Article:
6. Averaged normals only work for 'smoothing groups' - that is surfaces that should be smooth and have no seams. Since the edges of the cube are actually seams the calculation breaks down. There are multiple strategies for handling this: i) Duplicate vertices (one set for each smooth mesh) ii) Multiple normals per vertex (probably a bad idea) iii) Normal maps And probably others I can't think of right now :)
  7. Hydrogen War

    I guess the post H-war game might be more interesting - oh.. wait.. (Fallout?...) Seriously though, there are some interesting multiplayer (diplomatic) aspects to MAD, but probably not for most casual gamers who will just click the damn 'NUKE' button :) Defcon is pretty cool.
  8. Avoiding reload cheating

    Surely that defeats the deletion on loading? Or the player could setup an auto-move-autosave type program external to the game (and that will then be easily available on the net). I guess the game could save encrypted versions or something. Seems like a lot of effort for what IMO is a non-problem. Much of the enjoyment I get from games is to experiment with the mechanics and for that I need save game abuse :) I honestly don't see why save game 'abuse' is a problem - it's the players game, let them play how they want. Fair enough if you want to provide a hardcore mode where saving is only allowed at certain designer chosen points, but why limit yourself to hardcore gamers when casual gamers (like myself for many games I'll admit) make up so much more of the market? Without a save-at-any-point I simply won't bother unless the game is aimed at my hardcore style (FPS virtual instadeath - think Vietcong). Rattenhirn provides a very good answer that nowadays is feasible and I think likely to become moreso as broadband prices drop: host your game servers.
  9. Avoiding reload cheating

    Quote:Original post by Kest Implement a save-on-exit system, where the save is deleted when loaded. Then allow the player to choose between "save anytime" or "save only on exit" when a new game (campaign) is started, and don't allow changing that option during the entire campaign. Trust me, this is the ultimate solution. It will save everyone that would normally get burned by the availability of save-reload cheating. It allows them to cut it off from themselves, and anyone who can afford to will. What happens when the game crashes? :)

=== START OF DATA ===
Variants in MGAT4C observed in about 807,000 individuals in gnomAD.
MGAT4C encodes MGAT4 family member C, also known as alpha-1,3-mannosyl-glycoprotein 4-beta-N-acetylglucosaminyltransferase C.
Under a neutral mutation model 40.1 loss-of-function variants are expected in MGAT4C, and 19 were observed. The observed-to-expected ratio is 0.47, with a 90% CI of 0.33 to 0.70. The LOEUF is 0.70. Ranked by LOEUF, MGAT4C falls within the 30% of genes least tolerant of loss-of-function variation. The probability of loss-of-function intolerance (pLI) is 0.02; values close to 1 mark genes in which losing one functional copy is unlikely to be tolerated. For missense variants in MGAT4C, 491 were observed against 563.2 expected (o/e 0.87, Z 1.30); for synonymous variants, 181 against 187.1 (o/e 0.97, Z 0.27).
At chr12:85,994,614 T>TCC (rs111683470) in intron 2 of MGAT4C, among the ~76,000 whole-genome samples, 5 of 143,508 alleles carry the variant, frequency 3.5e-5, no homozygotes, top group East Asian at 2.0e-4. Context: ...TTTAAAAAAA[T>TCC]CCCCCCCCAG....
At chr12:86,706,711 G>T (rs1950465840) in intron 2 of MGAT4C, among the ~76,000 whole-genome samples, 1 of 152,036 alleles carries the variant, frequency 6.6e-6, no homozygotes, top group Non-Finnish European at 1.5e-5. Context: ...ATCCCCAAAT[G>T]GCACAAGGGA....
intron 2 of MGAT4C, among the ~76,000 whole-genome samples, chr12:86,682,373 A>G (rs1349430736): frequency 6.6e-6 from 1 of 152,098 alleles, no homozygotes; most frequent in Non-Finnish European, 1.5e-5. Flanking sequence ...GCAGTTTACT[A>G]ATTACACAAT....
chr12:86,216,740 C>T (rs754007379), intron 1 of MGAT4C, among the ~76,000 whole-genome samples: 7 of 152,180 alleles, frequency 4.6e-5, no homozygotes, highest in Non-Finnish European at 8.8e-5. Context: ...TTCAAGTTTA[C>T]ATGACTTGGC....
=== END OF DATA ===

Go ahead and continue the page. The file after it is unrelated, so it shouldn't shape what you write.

10. You should also look closely at the π Calculus and (the related) Join Calculus.
  11. Unity Pacman AI info

    I quite like the Antiobjects idea: Wikipedia, Collaborative Diffusion: Programming Antiobjects (paper).
  12. You mean you had code blow up when you tried to do this? Could you provide an example? I have noticed that OpenGL didn't like when I created very small textures (2x2) as a static array, it seemed to be some sort of alignment problem. I assumed this was just driver issues (and it's never affected my 'real' code).
  13. REYES Rendering

    Pixar provide lots of interesting papers here, including an original on the Reyes architecture (it's the same as the one from Wikipedia linked above though). The basic premise is that rather than directly rasterizing each primitive (like bezier patches, spheres, triangles), you perform a recursive subdivide. At each stage you either 'slice' (decompose primitive into more primitives) or 'dice' (decompose primitive into < 1 pixel sized quads). Each of these diced quads is then gouraud shaded. It's a very nice, simple and effective system for working with massive scenes (larger than core, or with complex displacement mapping) but as mentioned above, not suitable for realtime rendering (yet!). Its also been suggested that a similar algorithm can be useful for ray tracing, where you lazily slice and dice as rays intersect various parts of the scene and instead of directly rendering the quads (or triangles) you insert them into geometry caches, compute new acceleration structures and do the ray trace there. Might be an interesting avenue if you were after offline rendering algorithms.
  14. I don't see why stack frames have anything to do with this, as long as you allocate in the initialized data section (i.e. outside any functions). But yes, GIMP or any paint package that supports export to C will do.
  15. Shadows for scares

    BioShock uses shadows for scares in quite a few places and it works really well. There are several other brilliant uses of light/dark in that game too. It works extremely well partly because it isn't overdone and is appropriately fitted into the level/story structure. FEAR is also a good example - although the gameplay itself gets a bit dull the story and scare aspect is excellent throughout. (no spoilers in my post, you'll have to play the games if you haven't ;)